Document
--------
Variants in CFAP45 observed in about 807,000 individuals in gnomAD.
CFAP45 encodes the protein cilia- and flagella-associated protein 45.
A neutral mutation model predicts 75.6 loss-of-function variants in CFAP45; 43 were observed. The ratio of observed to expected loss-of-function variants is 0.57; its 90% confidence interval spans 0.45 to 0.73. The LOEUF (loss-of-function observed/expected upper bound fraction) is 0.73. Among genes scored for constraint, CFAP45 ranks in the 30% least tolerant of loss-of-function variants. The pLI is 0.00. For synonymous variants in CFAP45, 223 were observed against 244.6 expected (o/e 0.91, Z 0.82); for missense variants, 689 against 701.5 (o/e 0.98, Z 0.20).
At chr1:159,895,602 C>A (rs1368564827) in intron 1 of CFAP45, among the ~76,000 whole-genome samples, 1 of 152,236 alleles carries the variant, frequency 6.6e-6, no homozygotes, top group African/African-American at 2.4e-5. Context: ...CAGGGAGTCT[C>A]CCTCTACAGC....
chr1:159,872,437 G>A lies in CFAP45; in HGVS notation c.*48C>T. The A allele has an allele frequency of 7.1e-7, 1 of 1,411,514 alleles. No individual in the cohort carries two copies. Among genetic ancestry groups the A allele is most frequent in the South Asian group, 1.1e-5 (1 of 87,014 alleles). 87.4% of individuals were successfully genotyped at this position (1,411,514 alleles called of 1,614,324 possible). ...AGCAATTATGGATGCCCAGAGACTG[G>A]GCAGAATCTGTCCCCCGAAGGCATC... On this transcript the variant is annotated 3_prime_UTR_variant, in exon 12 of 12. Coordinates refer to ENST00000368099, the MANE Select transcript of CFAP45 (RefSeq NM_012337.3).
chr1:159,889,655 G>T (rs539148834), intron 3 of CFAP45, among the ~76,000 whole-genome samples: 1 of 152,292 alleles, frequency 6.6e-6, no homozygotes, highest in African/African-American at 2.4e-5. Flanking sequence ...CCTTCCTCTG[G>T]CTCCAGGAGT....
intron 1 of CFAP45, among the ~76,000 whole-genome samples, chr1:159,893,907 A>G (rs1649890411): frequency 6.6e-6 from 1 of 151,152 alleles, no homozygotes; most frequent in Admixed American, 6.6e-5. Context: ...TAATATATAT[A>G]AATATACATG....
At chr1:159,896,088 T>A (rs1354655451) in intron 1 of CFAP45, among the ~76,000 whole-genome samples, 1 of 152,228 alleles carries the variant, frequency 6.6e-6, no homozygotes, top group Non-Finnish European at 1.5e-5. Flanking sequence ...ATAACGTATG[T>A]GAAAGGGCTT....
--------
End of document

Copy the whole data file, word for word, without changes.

Variants in CFAP45 observed in about 807,000 individuals in gnomAD.
CFAP45 encodes the protein cilia- and flagella-associated protein 45.
A neutral mutation model predicts 75.6 loss-of-function variants in CFAP45; 43 were observed. The ratio of observed to expected loss-of-function variants is 0.57; its 90% confidence interval spans 0.45 to 0.73. The LOEUF (loss-of-function observed/expected upper bound fraction) is 0.73. Among genes scored for constraint, CFAP45 ranks in the 30% least tolerant of loss-of-function variants. The pLI is 0.00. For synonymous variants in CFAP45, 223 were observed against 244.6 expected (o/e 0.91, Z 0.82); for missense variants, 689 against 701.5 (o/e 0.98, Z 0.20).
At chr1:159,895,602 C>A (rs1368564827) in intron 1 of CFAP45, among the ~76,000 whole-genome samples, 1 of 152,236 alleles carries the variant, frequency 6.6e-6, no homozygotes, top group African/African-American at 2.4e-5. Context: ...CAGGGAGTCT[C>A]CCTCTACAGC....
chr1:159,872,437 G>A lies in CFAP45; in HGVS notation c.*48C>T. The A allele has an allele frequency of 7.1e-7, 1 of 1,411,514 alleles. No individual in the cohort carries two copies. Among genetic ancestry groups the A allele is most frequent in the South Asian group, 1.1e-5 (1 of 87,014 alleles). 87.4% of individuals were successfully genotyped at this position (1,411,514 alleles called of 1,614,324 possible). ...AGCAATTATGGATGCCCAGAGACTG[G>A]GCAGAATCTGTCCCCCGAAGGCATC... On this transcript the variant is annotated 3_prime_UTR_variant, in exon 12 of 12. Coordinates refer to ENST00000368099, the MANE Select transcript of CFAP45 (RefSeq NM_012337.3).
chr1:159,889,655 G>T (rs539148834), intron 3 of CFAP45, among the ~76,000 whole-genome samples: 1 of 152,292 alleles, frequency 6.6e-6, no homozygotes, highest in African/African-American at 2.4e-5. Flanking sequence ...CCTTCCTCTG[G>T]CTCCAGGAGT....
intron 1 of CFAP45, among the ~76,000 whole-genome samples, chr1:159,893,907 A>G (rs1649890411): frequency 6.6e-6 from 1 of 151,152 alleles, no homozygotes; most frequent in Admixed American, 6.6e-5. Context: ...TAATATATAT[A>G]AATATACATG....
At chr1:159,896,088 T>A (rs1354655451) in intron 1 of CFAP45, among the ~76,000 whole-genome samples, 1 of 152,228 alleles carries the variant, frequency 6.6e-6, no homozygotes, top group Non-Finnish European at 1.5e-5. Flanking sequence ...ATAACGTATG[T>A]GAAAGGGCTT....